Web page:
Classification accuracy of the word memory test genuine memory impairment index

Ryan Mulligan, Michael R. Basso, Jordan Hoffmeister, Lily Lau, Douglas M. Whiteside, Dennis Combs

Research output: Contribution to journalArticlepeer-review

1 Scopus citations


Objective: The Word Memory Test (WMT) assesses non-credible performance in neuropsychological assessment. To mitigate risk of false positives among patients with severe cognitive dysfunction, the Genuine Memory Impairment Profile was derived. Only a modest number of investigations has evaluated classification accuracy among clinical samples, leaving the GMIP’s accuracy largely uncertain. Accordingly, a simulation experiment evaluated the classification accuracy of the GMIP in a group of healthy individuals coached to simulate mild traumatic brain injury (TBI) related memory impairment on the WMT. Participants and Methods: Eighty healthy individuals were randomly assigned to one of the four experimental groups. One group was provided superficial information concerning TBI symptoms (naïve simulators), another was provided extensive information concerning TBI symptoms (sophisticated simulators), and a third group was provided extensive TBI symptom information and tactics to evade detection by performance validity tests (PVT) (test-coached). An honest responding control group was directed to give their best performance. All participants were administered the California Verbal Learning Test-2 (CVLT-2) and the WMT. Results: Among the TBI simulators, 90% of the test-coached, 95% of the sophisticated simulators, and 100% of the naïve simulators were correctly classified as exaggerating memory impairment on the primary WMT indices. The simulator groups performed worse than the honest responding group on the CVLT-2. Of those who exceeded the WMT cutoffs, 60%, 27%, and 6% of the naïve-, sophisticated-, and test-coached simulators manifested the GMIP profile, respectively. Conclusions: The GMIP is apt to misclassify individuals as having genuine memory impairment, especially if a naïve or unsophisticated effort is made to exert non-credible performance. Indeed, individuals who employ the least sophisticated efforts to exaggerate cognitive impairment appear most likely to manifest the GMIP. The GMIP should be used cautiously to discriminate genuine impairment from non-credible performance, especially among people with mild TBI.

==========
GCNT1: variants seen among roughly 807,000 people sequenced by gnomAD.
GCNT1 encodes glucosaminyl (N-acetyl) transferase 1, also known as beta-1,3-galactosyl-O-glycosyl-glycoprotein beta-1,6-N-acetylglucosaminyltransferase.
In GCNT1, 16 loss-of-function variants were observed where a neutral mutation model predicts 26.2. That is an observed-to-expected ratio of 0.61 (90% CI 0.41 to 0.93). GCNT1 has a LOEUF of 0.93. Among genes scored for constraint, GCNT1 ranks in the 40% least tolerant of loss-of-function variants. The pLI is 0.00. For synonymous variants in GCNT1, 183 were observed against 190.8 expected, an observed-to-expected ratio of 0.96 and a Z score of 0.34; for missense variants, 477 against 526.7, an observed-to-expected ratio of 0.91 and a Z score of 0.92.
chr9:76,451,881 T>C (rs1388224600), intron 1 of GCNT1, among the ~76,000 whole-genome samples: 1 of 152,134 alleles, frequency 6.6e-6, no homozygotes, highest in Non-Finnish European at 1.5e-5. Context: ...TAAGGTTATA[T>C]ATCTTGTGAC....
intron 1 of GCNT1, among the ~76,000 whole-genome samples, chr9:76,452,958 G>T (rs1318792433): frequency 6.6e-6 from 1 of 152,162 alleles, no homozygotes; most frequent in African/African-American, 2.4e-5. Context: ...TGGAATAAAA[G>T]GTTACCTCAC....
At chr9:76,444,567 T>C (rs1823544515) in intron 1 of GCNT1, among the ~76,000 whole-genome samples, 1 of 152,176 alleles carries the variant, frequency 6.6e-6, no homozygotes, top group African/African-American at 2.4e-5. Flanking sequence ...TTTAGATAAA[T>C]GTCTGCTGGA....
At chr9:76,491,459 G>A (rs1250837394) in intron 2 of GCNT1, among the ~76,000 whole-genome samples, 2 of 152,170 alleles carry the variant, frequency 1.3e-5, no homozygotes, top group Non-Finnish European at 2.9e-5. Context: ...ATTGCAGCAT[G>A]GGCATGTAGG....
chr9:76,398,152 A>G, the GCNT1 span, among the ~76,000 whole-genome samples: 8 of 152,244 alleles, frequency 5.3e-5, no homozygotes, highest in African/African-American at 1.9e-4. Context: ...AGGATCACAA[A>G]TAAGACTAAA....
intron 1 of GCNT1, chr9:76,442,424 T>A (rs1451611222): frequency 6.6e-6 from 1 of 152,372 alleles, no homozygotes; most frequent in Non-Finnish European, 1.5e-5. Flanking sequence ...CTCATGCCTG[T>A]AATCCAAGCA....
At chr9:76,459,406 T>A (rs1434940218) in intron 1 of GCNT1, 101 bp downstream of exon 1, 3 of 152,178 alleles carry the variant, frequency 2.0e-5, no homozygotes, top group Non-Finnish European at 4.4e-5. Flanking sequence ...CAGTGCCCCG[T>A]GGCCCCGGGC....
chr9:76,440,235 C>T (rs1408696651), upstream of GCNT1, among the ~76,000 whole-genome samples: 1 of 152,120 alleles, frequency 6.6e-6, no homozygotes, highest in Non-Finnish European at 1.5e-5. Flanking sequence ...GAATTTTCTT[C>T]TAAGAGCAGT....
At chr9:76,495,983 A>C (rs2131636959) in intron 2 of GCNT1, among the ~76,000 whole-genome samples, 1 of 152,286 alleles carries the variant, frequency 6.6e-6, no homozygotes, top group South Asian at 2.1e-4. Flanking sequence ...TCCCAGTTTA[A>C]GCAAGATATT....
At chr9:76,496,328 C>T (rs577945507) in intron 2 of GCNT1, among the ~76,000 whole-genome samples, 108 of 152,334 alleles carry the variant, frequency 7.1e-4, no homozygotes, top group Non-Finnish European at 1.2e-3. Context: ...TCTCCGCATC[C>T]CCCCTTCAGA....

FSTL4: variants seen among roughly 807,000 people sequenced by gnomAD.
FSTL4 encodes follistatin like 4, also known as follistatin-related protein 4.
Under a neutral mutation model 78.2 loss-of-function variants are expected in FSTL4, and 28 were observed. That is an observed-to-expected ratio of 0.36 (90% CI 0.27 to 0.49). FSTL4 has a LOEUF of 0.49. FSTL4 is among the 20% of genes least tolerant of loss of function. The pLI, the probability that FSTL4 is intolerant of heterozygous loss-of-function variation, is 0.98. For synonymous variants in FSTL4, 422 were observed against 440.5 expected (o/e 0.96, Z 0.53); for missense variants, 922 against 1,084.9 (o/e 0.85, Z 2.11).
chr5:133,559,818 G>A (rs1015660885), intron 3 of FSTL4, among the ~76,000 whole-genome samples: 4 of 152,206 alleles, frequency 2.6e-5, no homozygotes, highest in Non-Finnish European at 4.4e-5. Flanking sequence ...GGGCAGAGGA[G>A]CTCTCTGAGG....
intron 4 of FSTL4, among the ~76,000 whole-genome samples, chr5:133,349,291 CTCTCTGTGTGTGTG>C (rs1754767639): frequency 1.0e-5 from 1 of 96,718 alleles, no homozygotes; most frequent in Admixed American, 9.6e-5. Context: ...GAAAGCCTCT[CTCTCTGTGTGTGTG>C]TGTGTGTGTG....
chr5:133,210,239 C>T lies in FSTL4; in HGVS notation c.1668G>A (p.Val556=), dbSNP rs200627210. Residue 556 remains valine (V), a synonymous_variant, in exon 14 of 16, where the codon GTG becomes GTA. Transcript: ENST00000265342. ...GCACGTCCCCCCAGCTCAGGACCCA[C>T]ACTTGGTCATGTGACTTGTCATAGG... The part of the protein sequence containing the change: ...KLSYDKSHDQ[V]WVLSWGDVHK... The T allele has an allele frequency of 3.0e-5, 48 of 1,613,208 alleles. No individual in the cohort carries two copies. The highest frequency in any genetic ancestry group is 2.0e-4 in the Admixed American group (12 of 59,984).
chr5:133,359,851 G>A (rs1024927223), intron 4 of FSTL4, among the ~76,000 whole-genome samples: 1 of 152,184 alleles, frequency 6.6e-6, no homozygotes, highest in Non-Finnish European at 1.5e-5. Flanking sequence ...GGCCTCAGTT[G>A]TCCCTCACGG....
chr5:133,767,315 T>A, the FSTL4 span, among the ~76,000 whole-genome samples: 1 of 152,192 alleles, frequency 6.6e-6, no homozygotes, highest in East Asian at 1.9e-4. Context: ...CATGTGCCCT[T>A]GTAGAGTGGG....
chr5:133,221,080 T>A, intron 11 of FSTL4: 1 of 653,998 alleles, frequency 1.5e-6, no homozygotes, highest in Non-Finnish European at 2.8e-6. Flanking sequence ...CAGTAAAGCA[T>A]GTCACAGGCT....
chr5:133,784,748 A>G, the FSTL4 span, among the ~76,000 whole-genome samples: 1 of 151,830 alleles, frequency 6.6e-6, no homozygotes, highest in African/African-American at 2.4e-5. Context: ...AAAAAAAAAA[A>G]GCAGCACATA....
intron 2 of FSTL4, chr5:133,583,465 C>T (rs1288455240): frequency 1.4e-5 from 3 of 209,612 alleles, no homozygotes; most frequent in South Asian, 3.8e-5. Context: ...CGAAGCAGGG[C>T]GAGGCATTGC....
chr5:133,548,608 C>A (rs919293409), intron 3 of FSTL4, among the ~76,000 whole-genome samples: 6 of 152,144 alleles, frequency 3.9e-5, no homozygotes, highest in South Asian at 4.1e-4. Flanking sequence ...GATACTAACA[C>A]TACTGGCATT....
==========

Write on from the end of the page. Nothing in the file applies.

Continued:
Original languageEnglish (US)
Pages (from-to)655-662
Number of pages8
JournalJournal of Clinical and Experimental Neuropsychology
Issue number7
StatePublished - 2021

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© 2021 Informa UK Limited, trading as Taylor & Francis Group.


  • Performance validity
  • genuine memory impairment profile
  • word memory test


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